it. I do not propose to discharge my force of forty-three men at present, but to employ them at such work as from time to time becomes necessary. All of them will be of great service in case we have to sustain a cannonade, and the majority of them will also be of material aid in resisting a sudden attack. Terre is not a particle of truth in the many reports that have crept into the papers about mutinies, &c. The soldiers are in excellent spirits and full of confidence. Those of my men that I have discharged of late have left with great reluctance. In fine, the morale at present is very high.
The trouble that I had with my men soon after the command came over, which resulted in a rapidly thinning out of the force, has long since ceased. Every man, however, that is discharged is beset as soon as he reaches town for information, and in some instances they have played upon the credulity of their questioners. In other instances, the information given has been magnified and distorted. And in one case, that of Lieutenant Davis, who went to town on the 19th in charge of four soldiers summoned a witnesses in a murder trial, an effort was made to convince him that his men, having been tampered with, had uttered threats against him, and that he should arm himself before trusting himself to come down with them alone in a boat. Lieutenant Davis declined their proffer of arms. It appears that there was no circumstance to warrant this attempt to place Lieutenant Davis in a false position towards his men, and to give cause for reports prejudicial to the fidelity of the soldiers. The report in the papers that the men attempted to jump out of the window to escape, is utterly without foundation. So, also, is the report that a boat from Fort Sumter, in attempting to reconnoiter the battery on Morris Island, had been fired into by the sentry, and one man wounded. No boat has ever left Fort Sumter for such a purpose, and I question whether it was a boat that the sentry fired at. In fact, it is not safe to credit any reports coming from this region, except such as are favorable to the Government of the United States. Even the statements that emanated from high authority and were widely circulated, to the effect that this command was supplied with fresh provisions, &c., are not strictly true, for we have not as yet received any.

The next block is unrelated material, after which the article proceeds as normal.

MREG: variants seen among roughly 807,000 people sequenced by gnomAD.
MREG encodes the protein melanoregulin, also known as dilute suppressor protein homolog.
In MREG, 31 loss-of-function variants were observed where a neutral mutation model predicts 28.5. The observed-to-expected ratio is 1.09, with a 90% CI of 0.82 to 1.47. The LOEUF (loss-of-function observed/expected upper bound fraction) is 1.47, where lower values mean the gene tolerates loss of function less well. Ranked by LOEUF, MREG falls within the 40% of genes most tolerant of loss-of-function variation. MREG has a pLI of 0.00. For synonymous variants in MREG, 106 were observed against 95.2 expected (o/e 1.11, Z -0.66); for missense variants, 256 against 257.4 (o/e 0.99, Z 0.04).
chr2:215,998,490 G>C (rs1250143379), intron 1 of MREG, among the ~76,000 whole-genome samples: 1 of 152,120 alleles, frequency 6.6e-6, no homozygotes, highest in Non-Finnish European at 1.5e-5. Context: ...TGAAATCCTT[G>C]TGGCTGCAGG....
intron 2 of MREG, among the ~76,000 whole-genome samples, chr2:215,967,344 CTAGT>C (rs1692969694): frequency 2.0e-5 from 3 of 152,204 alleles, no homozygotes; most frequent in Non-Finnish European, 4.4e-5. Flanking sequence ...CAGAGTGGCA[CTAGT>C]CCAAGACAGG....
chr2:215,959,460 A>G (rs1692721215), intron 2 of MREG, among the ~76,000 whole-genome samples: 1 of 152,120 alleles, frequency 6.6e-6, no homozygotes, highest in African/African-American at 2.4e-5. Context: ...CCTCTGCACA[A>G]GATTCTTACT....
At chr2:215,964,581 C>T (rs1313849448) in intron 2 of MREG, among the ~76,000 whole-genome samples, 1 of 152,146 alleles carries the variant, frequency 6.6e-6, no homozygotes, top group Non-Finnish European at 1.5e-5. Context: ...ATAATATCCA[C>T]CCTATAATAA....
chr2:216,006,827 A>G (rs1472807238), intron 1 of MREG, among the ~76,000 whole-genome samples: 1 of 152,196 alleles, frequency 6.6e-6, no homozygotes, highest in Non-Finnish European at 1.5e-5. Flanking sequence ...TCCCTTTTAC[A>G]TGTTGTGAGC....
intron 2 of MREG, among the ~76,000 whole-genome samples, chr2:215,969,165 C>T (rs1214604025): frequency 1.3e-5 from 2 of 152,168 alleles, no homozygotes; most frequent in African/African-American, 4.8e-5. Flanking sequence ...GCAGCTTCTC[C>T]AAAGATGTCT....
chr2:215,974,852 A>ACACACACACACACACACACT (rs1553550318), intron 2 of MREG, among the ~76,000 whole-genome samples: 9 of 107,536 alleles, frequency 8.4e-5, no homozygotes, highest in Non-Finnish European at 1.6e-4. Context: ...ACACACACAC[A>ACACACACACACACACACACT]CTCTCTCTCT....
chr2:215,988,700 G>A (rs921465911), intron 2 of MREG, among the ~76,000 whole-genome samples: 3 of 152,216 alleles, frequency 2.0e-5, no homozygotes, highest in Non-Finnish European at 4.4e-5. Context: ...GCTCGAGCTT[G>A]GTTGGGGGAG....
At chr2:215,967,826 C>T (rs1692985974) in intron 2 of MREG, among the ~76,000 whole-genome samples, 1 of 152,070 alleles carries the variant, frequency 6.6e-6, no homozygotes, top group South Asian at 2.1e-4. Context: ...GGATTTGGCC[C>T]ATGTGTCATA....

One lot as sent down on the 20th by the State authorities, which Major Anderson declined to receive. His proposition to get them from the regular contractor, and to pay for them, was accepted; but up to this time [10 a.m. of the 27th] we have not received anything from the contractor in town.
Lieutenant Meade returned on Wednesday, the 23rd, but on account of the storm was not able to get to the fort before the following day. Both he and Lieutenant Snyder having volunteered for the duty, I have entered them upon the regular roster for guard duty, two of the officers of the command being sick, and one absent. It does not interfere with our regular duties.
I have the honor to be, very respectfully, your obedient servant,
J. G. FOSTER,
ENGINEER DEPARTMENT, Washington, January 28, 1861.
Captain J. G. FOSTER,
Corps of Engineers, Charleston, S. C.:
SIR: I have the pleasure to inform you that $5,000 was remitted on Saturday last, the 26th instant, to the assistant treasurer at New York,